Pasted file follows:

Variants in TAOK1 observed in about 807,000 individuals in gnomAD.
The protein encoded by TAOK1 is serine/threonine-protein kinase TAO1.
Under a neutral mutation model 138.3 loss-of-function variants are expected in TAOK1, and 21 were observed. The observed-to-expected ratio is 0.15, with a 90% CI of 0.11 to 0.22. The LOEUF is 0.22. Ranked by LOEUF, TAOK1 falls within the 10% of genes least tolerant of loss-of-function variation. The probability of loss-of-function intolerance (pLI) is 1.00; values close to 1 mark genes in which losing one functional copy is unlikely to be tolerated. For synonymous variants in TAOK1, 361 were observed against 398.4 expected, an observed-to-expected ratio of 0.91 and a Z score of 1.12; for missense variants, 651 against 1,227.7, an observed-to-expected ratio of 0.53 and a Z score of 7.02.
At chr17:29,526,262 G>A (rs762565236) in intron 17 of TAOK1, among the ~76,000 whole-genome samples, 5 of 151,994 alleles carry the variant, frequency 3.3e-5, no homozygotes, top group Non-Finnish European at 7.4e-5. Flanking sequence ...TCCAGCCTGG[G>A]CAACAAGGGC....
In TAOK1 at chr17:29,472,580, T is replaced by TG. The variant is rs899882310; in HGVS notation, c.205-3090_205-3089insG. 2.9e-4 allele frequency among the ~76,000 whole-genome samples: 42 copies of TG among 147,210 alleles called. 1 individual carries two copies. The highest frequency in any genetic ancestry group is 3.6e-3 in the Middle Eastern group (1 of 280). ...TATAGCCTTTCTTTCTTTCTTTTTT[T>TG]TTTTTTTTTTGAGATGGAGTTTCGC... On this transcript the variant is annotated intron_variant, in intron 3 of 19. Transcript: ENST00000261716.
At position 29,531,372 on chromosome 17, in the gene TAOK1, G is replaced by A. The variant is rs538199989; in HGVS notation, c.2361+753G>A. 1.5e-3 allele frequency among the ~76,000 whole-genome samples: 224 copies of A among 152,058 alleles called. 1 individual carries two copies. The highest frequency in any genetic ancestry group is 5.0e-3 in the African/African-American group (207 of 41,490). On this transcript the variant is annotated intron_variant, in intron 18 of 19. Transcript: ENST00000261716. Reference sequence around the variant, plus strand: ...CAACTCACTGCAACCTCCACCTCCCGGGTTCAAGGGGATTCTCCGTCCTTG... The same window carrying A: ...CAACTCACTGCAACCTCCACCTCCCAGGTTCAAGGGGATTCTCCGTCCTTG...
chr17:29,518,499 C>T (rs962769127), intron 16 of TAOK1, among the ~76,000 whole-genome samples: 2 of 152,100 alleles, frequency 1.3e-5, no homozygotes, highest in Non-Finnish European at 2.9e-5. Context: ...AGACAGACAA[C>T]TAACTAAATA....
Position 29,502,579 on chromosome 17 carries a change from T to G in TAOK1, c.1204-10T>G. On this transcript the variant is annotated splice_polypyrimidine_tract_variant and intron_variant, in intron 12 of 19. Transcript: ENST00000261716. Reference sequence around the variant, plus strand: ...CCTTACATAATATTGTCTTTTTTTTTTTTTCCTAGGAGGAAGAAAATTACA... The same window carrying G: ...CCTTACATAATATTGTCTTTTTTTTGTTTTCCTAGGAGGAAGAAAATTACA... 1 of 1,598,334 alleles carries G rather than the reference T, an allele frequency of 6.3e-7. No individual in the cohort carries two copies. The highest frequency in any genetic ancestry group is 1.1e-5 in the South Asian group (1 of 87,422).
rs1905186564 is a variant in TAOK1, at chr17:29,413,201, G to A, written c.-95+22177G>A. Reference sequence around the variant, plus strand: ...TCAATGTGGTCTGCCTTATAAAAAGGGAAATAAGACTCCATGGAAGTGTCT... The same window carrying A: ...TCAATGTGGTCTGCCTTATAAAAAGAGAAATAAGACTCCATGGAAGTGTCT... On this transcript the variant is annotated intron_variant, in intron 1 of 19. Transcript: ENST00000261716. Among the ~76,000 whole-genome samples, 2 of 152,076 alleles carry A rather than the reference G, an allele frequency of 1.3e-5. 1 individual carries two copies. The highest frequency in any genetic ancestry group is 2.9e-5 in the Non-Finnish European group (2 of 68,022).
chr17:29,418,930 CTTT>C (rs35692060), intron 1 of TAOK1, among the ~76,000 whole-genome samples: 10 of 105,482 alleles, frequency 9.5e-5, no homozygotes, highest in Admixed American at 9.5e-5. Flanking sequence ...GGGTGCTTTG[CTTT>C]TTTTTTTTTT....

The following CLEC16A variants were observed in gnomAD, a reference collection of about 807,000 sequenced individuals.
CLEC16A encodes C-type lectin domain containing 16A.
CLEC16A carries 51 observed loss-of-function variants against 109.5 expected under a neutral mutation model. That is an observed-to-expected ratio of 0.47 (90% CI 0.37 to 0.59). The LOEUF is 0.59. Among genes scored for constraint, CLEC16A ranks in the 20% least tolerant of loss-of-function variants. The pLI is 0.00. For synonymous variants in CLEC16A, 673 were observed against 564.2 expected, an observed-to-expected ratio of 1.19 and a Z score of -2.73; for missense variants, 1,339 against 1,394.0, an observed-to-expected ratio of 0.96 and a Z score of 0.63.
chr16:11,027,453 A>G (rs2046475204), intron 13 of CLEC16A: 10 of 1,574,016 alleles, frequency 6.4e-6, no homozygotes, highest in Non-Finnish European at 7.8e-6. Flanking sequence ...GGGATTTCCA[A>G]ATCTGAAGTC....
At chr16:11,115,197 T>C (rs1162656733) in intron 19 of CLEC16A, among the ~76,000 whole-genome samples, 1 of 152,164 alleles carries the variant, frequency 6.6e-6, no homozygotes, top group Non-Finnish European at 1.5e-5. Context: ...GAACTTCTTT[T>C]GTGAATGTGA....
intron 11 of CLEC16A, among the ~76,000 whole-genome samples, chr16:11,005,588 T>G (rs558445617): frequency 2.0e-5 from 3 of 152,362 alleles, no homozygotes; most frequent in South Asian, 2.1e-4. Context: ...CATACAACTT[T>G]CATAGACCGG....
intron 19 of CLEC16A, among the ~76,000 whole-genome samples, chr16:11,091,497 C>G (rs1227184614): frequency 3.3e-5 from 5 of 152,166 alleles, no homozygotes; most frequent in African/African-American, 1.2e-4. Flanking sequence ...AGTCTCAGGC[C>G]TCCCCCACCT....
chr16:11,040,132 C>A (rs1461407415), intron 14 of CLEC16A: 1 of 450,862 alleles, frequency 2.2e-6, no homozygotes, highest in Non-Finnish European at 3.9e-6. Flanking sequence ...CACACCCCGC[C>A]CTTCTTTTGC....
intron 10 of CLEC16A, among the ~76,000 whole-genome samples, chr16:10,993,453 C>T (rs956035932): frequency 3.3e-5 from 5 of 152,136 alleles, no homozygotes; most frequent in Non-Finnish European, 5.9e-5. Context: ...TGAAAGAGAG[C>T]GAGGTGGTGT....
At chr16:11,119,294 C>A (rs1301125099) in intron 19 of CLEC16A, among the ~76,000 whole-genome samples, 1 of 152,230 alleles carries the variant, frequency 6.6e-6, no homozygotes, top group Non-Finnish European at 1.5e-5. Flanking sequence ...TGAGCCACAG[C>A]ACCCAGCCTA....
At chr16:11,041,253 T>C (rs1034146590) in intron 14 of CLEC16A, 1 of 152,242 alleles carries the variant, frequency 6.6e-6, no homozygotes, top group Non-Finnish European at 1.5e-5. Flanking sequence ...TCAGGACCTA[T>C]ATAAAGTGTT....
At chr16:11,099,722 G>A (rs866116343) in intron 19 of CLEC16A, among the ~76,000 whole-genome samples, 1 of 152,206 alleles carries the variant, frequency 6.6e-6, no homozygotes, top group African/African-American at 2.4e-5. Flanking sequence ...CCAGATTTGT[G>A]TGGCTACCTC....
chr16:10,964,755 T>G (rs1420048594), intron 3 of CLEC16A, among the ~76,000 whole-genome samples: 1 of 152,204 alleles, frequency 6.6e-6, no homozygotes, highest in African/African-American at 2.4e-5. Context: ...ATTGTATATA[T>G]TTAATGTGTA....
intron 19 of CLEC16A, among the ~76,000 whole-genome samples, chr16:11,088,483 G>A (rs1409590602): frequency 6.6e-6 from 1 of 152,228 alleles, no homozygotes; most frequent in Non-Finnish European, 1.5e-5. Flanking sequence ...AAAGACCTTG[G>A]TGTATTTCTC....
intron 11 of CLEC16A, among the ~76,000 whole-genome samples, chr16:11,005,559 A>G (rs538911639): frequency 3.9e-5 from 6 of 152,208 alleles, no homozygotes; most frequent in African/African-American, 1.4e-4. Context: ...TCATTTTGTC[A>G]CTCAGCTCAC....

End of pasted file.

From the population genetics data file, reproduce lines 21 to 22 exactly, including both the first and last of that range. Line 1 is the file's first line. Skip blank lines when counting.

At chr16:11,041,253 T>C (rs1034146590) in intron 14 of CLEC16A, 1 of 152,242 alleles carries the variant, frequency 6.6e-6, no homozygotes, top group Non-Finnish European at 1.5e-5. Flanking sequence ...TCAGGACCTA[T>C]ATAAAGTGTT....
At chr16:11,099,722 G>A (rs866116343) in intron 19 of CLEC16A, among the ~76,000 whole-genome samples, 1 of 152,206 alleles carries the variant, frequency 6.6e-6, no homozygotes, top group African/African-American at 2.4e-5. Flanking sequence ...CCAGATTTGT[G>A]TGGCTACCTC....